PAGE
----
What are the Biggest Differences Between American and British English?

What are the Biggest Differences Between American and British English? Read the article to learn more!
What are the Biggest Differences Between American and British English? Read the article to learn more!

English can be a difficult language to learn.

There are endless grammar points, words, and expressions to remember. On top of all of that, these may vary depending on who you’re speaking to.

This is because there are lots of differences between American and British English. It’s not just about the accent. There are also different words, ways of spelling, and grammar uses, too.

In this post, we’ll give you the most important ones.

The Main Differences Between American and British English

Whether you’re traveling, chatting with coworkers or just watching English movies, you’re bound to come across these differences. Read on to familiarize yourself with them, and you’ll always be prepared.


Learning spelling can be tricky, especially since Americans and British people don’t always do it the same way.

This is because Noah Webster, founder of Merriam Webster, reformed American English spelling in the 1700s. He found British spelling to be inconsistent and confusing, so campaigned to make some changes.

He wanted words to be spelled as they sounded. As a result, there are now many differences in the way Americans and British people spell certain words.

In the UK, words like ‘humor’, ‘favorite’ and ‘color’ are spelled with ‘ou’. Also, words that end in ‘ize’ are changed to ‘ise’.

Words that are spelled with ‘yze’ in the US are changed to ‘yse’ in the UK. This includes ‘analyze’ and ‘paralyze’.

British spelling also adds an extra L to words when there is a vowel on either side of the letter. That’s why words like ‘travelling’, ‘cancelled’ and ‘marvellous’ all have a double L. In American English, the L is singular.

Many words that end in ‘er’ in American English are switched to ‘re’ in British English. The most common examples of this are ‘centre’ and ‘theatre’.


One of the main differences between American and British English is vocabulary.

While Americans live in apartments, British people call those flats. In the US, you’d get to your floor using an elevator, but in the UK, you’d use a lift.

Here are some other words that are different in American and British English:

  • Highway/motorway
  • French fries/chips
  • Sweater/jumper
  • Store/shop
  • Mail/post
  • Soccer/football
  • Vacation/holiday
  • Airplane/aeroplane
  • Pants/trousers

As you can see, there are often two words for one meaning. This means that as an ESL learner, you’ll have even more vocabulary to memorize.

If this is confusing for you, don’t worry. Brits and Americans often get confused by these words, too! In fact, they even have to translate for each other sometimes.


Grammar is one of the most difficult things about learning English. With so many tenses to learn, many grammar mistakes are incredibly common for English learners.

To make things even more difficult, Brits and Americans sometimes use grammar differently.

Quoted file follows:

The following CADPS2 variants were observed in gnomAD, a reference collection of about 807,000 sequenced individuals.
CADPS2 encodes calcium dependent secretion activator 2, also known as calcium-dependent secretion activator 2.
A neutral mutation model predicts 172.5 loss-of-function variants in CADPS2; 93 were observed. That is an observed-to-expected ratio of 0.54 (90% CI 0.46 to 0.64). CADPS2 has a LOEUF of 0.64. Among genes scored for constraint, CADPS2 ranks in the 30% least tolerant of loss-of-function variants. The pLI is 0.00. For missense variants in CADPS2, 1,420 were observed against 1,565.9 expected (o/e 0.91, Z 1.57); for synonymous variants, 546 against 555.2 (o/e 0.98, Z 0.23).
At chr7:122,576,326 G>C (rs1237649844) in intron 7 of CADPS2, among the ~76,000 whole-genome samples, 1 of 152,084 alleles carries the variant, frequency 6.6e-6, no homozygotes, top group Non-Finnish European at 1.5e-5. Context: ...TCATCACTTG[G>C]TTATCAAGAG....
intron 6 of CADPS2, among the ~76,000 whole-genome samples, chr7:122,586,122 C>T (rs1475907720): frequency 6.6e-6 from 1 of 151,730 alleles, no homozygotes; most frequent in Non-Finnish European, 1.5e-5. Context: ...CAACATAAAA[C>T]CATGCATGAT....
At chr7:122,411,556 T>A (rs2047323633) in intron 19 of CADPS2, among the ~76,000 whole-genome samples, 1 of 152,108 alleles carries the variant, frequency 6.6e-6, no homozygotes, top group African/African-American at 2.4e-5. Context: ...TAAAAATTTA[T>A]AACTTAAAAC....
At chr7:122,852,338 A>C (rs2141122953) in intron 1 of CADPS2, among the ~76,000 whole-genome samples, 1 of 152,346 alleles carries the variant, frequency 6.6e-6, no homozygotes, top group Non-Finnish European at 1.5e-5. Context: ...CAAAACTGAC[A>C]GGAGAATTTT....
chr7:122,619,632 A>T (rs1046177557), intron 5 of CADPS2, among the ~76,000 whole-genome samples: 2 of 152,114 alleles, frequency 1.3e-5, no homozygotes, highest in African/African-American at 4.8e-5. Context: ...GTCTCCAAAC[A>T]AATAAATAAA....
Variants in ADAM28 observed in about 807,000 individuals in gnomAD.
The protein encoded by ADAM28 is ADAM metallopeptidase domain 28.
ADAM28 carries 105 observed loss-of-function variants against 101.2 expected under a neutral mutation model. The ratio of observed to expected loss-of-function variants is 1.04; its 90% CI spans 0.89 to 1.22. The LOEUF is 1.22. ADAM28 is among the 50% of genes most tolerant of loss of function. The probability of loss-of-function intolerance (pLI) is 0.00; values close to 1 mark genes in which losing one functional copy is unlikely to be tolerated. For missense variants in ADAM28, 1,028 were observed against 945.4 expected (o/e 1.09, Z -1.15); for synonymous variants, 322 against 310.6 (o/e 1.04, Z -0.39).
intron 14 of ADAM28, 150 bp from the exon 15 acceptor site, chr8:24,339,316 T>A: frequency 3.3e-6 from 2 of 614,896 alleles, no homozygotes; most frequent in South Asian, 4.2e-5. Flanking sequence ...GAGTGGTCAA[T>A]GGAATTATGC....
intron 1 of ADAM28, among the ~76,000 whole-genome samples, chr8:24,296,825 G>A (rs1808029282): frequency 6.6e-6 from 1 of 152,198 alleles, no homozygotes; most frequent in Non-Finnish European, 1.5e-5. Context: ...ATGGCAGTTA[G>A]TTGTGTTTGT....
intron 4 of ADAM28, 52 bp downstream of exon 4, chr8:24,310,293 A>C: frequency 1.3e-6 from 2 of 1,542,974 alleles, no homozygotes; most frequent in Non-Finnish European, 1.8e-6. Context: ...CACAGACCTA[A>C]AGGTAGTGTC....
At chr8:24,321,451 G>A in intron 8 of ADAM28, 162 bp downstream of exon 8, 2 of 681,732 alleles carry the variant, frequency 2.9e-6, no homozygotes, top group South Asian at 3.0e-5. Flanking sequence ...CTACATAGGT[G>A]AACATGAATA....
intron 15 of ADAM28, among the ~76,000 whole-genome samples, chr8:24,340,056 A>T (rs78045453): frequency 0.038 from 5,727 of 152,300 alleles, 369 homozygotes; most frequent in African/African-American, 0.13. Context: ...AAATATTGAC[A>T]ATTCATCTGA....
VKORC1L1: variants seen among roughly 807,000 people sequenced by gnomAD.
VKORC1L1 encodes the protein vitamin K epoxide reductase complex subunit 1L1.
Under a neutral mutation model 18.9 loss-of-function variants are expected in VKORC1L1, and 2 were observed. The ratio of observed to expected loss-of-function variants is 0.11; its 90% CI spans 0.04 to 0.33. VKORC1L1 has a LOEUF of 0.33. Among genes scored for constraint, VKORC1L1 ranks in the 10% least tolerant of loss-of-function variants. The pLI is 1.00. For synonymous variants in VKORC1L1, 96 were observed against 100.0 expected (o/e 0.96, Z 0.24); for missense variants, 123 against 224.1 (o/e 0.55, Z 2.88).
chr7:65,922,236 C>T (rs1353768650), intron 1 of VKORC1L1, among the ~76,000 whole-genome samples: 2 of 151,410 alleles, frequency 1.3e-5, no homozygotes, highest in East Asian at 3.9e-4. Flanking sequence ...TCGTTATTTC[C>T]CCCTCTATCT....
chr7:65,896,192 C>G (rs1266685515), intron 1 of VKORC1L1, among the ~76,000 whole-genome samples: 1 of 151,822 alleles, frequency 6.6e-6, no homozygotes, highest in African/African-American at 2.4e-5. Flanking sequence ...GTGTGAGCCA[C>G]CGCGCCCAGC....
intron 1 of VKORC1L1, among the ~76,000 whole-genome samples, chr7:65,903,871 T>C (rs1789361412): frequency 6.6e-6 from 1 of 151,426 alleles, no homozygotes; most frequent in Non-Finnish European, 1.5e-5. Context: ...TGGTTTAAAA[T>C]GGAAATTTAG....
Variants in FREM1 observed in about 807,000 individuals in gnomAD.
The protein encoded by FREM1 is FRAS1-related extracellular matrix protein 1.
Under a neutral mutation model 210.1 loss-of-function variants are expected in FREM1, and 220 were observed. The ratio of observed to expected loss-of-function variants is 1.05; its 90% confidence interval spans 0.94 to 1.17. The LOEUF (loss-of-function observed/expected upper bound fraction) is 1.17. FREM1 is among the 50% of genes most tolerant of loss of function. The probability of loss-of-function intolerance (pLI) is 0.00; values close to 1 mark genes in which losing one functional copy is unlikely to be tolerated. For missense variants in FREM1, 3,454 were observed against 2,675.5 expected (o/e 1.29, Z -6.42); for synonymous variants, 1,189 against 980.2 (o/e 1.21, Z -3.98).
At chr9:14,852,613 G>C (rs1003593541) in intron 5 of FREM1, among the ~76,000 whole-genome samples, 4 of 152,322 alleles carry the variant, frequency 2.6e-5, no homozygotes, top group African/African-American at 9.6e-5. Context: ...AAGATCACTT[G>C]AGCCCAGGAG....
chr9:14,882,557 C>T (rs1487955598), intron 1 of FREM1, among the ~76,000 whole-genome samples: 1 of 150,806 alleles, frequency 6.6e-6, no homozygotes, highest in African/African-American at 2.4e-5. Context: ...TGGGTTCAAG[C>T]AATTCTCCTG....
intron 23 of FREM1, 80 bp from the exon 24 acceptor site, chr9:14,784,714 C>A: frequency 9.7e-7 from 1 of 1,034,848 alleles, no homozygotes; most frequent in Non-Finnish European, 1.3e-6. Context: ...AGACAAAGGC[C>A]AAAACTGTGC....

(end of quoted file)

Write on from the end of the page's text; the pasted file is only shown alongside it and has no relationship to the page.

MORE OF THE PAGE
For example, the uses of the past simple and present perfect tenses are slightly different. British people will use present perfect to talk about events that have just happened, such as ‘have you had lunch yet?’.

Americans are more likely to say ‘did you have lunch yet?’

Many ESL learners are also confused by the word ‘gotten’. This is only used by Americans. In British English, the past participle of ‘get’ is ‘got.’ Verb 2 and verb 3 are the same.

British people also tend to use ‘got’ to mean ‘have’.

You’ll often hear them asking ‘have you got?’ instead of ‘do you have?’ Both questions mean exactly the same thing, but the American version is easier to understand and remember.

While these grammatical nuances can be confusing, they shouldn’t hinder your understanding. In conversation, you can usually understand the meaning by looking at the context of what the speaker is saying.


American English and British English differ widely when it comes to accent.

However, there is no one true accent for England or the US. Within each country, there is a huge variety of accents and dialects. People in various regions speak completely differently.

Many ESL students find American English easier to understand. This is likely to be due to being exposed to more American movies and TV shows. However, many of them say that they’d like to speak with a British accent. In fact, it was voted the sexiest accent in the world.

Here are some of the main differences between American and British English accents:

  • Brits tend to pronounce their T’s clearly, while Americans soften them, so they sound more like D’s.
  • In American English, and O is often pronounced as ‘ah’.
  • In British English, the pronunciation of the letter R is often dropped from the ends of words.
  • The R sound is stronger in American English than it is in British English.
  • Words ending in ‘ile’ are pronounced differently. In the US, it’s a short sound, but in the UK, it’s longer.
  • For many words, Brits and Americans put stress in different places. For example, Americans would say ‘adult’, while Brits say ‘adult’.

Telling Time

Brits and Americans also tell time differently.

In the UK, 4:30 is described as ‘half past four’, and 4:45 is ‘quarter to five’. In America, it’s much easier than that. There, you’d hear ‘four thirty’ and ‘four forty-five’.

In American English, you can simply sound out the time as it’s written.

While the British form of telling time is a little trickier, it’s helpful to learn both. That way, you’ll never have any problems understanding.

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English Pronunciation & Fluency Expert
Annie Ruden M.S.CCC-SLP
CEO | Accent Reduction Trainer

[email protected]

Be Understood. Be Confident.